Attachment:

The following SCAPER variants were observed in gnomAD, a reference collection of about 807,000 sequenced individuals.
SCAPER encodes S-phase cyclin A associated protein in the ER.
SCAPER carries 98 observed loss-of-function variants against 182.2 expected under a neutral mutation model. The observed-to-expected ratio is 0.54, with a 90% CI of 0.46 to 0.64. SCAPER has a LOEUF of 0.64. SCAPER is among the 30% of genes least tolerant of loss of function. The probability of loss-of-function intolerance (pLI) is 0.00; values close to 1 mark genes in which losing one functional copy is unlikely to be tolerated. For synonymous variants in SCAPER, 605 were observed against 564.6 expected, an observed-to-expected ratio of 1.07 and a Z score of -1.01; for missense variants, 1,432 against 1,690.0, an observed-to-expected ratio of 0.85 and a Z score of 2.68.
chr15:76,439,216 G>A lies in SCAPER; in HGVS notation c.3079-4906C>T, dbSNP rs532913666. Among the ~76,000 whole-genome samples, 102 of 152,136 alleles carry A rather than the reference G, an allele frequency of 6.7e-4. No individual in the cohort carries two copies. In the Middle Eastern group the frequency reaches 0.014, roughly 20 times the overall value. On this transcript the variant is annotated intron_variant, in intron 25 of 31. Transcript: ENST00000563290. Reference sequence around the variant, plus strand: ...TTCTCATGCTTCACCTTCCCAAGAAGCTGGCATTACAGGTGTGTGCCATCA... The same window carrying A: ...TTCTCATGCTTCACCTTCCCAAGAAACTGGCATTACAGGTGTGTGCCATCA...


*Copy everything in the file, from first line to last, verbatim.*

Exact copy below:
The following SCAPER variants were observed in gnomAD, a reference collection of about 807,000 sequenced individuals.
SCAPER encodes S-phase cyclin A associated protein in the ER.
SCAPER carries 98 observed loss-of-function variants against 182.2 expected under a neutral mutation model. The observed-to-expected ratio is 0.54, with a 90% CI of 0.46 to 0.64. SCAPER has a LOEUF of 0.64. SCAPER is among the 30% of genes least tolerant of loss of function. The probability of loss-of-function intolerance (pLI) is 0.00; values close to 1 mark genes in which losing one functional copy is unlikely to be tolerated. For synonymous variants in SCAPER, 605 were observed against 564.6 expected, an observed-to-expected ratio of 1.07 and a Z score of -1.01; for missense variants, 1,432 against 1,690.0, an observed-to-expected ratio of 0.85 and a Z score of 2.68.
chr15:76,439,216 G>A lies in SCAPER; in HGVS notation c.3079-4906C>T, dbSNP rs532913666. Among the ~76,000 whole-genome samples, 102 of 152,136 alleles carry A rather than the reference G, an allele frequency of 6.7e-4. No individual in the cohort carries two copies. In the Middle Eastern group the frequency reaches 0.014, roughly 20 times the overall value. On this transcript the variant is annotated intron_variant, in intron 25 of 31. Transcript: ENST00000563290. Reference sequence around the variant, plus strand: ...TTCTCATGCTTCACCTTCCCAAGAAGCTGGCATTACAGGTGTGTGCCATCA... The same window carrying A: ...TTCTCATGCTTCACCTTCCCAAGAAACTGGCATTACAGGTGTGTGCCATCA...